2. Bassiouni M, ‘International Crimes: The Ratione materaie of International criminal law’ (2008) 3 International criminal law 129- 139

3. Condorelli L and Ciampi A, ‘Comments on the Security Council referral of the situation in Darfur to the ICC’ (2005) 3 Journal of international Criminal Justice 590

4. Goldstone R, ‘Catching a War Criminal in the Act’ (2008) A19 New York Times

5. Jain N, ‘A separate law for peacekeepers: The clash the Security Council and the International Criminal Court’ (2005) European Journal of International Law

6. Nouwen S and Werner G, ‘Doing justice to the political: the international Criminal Court in Uganda and Sudan’ (2010) European Journal of International Law

7. Rodman K, ‘Is peace in the interests of justice? The case for broad prosecutorial discretion at the International Criminal Court’ (2009) Leiden Journal of International Law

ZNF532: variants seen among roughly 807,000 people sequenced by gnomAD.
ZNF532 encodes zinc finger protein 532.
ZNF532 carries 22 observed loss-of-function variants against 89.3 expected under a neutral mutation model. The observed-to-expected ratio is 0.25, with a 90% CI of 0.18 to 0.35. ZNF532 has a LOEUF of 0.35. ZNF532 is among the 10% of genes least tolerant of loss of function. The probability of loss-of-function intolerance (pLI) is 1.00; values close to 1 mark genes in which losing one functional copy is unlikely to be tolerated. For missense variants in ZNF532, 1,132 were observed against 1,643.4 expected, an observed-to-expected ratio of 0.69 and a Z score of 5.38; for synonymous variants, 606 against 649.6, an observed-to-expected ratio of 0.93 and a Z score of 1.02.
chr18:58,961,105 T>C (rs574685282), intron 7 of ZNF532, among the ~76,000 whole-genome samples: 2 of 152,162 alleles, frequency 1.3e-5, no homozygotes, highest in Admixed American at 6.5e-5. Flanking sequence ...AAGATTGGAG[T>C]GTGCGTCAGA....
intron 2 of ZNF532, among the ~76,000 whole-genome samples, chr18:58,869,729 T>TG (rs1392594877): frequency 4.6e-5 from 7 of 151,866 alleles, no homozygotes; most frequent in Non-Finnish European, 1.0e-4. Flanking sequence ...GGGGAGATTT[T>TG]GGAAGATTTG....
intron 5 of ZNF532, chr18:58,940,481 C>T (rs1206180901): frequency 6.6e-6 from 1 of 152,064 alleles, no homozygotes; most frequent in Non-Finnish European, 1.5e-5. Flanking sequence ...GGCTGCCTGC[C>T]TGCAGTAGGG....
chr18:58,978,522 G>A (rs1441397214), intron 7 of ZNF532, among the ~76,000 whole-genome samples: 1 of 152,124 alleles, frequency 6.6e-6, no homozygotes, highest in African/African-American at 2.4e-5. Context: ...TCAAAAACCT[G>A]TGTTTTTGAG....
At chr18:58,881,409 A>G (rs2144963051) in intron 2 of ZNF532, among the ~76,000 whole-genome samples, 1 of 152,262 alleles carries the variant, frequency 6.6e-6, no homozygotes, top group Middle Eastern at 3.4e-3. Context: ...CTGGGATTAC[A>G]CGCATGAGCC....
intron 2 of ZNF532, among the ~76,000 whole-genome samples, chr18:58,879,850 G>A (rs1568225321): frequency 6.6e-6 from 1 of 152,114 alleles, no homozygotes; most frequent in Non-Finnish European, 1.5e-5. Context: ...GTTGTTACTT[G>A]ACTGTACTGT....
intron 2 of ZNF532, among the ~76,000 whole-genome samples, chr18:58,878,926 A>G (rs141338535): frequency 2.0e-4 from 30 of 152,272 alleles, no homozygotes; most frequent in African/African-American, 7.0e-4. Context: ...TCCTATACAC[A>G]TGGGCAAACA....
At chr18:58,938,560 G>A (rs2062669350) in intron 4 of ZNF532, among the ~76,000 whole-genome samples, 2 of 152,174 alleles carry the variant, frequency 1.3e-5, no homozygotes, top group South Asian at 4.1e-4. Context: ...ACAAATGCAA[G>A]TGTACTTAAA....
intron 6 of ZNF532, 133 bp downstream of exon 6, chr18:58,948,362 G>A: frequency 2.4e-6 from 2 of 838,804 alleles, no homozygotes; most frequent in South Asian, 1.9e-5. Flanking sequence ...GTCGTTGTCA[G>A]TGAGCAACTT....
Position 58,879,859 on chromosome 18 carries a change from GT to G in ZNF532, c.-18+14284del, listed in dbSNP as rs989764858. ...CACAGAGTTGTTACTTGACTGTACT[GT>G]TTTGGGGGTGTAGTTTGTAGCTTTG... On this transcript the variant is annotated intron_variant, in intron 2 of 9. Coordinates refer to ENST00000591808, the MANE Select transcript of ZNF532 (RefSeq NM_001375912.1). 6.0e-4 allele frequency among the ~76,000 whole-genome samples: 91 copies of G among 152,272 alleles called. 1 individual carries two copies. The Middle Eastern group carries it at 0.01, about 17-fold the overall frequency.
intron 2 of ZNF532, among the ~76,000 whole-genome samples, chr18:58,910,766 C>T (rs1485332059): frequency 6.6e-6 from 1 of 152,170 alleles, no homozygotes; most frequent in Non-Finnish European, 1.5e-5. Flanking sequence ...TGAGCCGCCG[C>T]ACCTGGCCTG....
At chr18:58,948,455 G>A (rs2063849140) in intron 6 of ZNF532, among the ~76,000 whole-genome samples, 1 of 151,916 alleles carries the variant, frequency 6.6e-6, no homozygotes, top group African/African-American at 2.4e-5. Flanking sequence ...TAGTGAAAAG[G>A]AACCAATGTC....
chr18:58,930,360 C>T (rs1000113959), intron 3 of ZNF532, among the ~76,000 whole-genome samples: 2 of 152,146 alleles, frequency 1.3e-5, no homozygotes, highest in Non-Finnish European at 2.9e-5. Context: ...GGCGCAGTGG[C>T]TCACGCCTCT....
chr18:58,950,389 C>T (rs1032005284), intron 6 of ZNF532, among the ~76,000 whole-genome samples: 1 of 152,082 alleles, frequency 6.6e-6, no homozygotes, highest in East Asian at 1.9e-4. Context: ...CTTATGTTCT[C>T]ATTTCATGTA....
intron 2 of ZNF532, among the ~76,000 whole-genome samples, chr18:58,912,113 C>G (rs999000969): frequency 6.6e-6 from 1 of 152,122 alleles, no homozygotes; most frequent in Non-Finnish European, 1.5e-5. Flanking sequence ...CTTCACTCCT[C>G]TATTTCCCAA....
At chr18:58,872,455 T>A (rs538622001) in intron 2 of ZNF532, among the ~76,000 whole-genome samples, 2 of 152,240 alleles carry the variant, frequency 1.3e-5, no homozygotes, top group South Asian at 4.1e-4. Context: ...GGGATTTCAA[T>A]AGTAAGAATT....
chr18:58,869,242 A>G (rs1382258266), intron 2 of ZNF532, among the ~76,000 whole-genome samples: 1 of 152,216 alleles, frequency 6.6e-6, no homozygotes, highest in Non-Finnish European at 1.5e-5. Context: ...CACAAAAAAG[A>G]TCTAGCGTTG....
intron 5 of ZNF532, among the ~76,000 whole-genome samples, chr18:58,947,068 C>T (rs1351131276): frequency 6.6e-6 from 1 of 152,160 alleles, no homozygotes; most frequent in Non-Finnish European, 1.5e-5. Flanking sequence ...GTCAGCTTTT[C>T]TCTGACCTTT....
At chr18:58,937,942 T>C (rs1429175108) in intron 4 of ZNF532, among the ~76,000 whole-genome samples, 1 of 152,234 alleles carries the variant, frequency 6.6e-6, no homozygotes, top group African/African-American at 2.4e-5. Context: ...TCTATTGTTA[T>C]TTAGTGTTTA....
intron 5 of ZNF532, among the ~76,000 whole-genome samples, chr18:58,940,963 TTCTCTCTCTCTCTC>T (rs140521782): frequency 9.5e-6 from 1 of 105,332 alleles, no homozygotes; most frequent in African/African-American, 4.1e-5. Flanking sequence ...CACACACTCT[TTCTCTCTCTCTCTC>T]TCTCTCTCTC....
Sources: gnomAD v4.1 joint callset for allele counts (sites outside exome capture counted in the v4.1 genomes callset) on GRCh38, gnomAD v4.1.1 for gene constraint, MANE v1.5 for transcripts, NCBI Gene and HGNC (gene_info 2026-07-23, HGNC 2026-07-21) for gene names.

Other

1. The Rome Statute, signed 17 July 1998 <https://www.icc-cpi.int/nr/rdonlyres/ea9aeff7-5752-4f84-be94-0a655eb30e16/0/rome_statute_english.pdf> Accessed 8 November 2016

2. Reuters, Jean Ping, ‘African Union accuses ICC prosecutor of bias’ (30 January 2011)

<http://www.reuters.com/article/ozatp-africa-icc-idAFJOE70T01R20110130> Accessed 8 November 2016

[1] M Bassiouni, ‘International Crimes: The Ratione materaie of International criminal law’ (2008) 3 International criminal law 129- 139

[2] The Rome Statute, signed 17 July 1998 <https://www.icc-cpi.int/nr/rdonlyres/ea9aeff7-5752-4f84-be94-0a655eb30e16/0/rome_statute_english.pdf> Accessed 8 November 2016

[3] Art 13 Rome Statute

[4] N Jain, ‘A separate law for peacekeepers: The clash the Security Council and the International Criminal Court’ (2005) European Journal of International Law